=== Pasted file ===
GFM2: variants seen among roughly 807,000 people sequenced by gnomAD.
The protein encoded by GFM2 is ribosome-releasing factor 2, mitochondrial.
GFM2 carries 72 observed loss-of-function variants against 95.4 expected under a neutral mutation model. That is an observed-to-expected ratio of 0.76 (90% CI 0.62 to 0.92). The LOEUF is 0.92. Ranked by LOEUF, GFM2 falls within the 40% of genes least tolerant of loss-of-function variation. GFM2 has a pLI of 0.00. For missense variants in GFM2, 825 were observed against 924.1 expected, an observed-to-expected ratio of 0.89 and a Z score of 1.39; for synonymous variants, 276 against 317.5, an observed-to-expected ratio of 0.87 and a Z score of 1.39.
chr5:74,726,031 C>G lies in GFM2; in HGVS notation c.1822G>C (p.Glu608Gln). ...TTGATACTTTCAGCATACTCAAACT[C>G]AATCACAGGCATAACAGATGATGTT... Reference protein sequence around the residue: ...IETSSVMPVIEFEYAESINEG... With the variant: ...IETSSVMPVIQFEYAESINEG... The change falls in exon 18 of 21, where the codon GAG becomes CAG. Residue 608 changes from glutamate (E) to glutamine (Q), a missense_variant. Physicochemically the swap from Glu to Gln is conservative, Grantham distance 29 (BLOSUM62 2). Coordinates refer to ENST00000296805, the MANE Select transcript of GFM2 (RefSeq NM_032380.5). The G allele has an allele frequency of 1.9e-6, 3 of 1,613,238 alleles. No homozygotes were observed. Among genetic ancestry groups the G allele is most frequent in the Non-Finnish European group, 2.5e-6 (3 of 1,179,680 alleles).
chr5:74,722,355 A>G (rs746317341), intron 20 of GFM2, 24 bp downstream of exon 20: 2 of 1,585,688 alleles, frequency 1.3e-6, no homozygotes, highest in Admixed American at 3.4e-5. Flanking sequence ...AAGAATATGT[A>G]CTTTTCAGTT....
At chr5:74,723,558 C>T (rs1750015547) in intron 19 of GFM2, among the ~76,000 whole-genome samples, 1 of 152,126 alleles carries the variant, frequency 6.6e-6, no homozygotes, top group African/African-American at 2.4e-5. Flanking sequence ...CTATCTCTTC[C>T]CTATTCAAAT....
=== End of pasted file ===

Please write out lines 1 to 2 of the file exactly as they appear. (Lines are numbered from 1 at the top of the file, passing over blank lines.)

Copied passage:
GFM2: variants seen among roughly 807,000 people sequenced by gnomAD.
The protein encoded by GFM2 is ribosome-releasing factor 2, mitochondrial.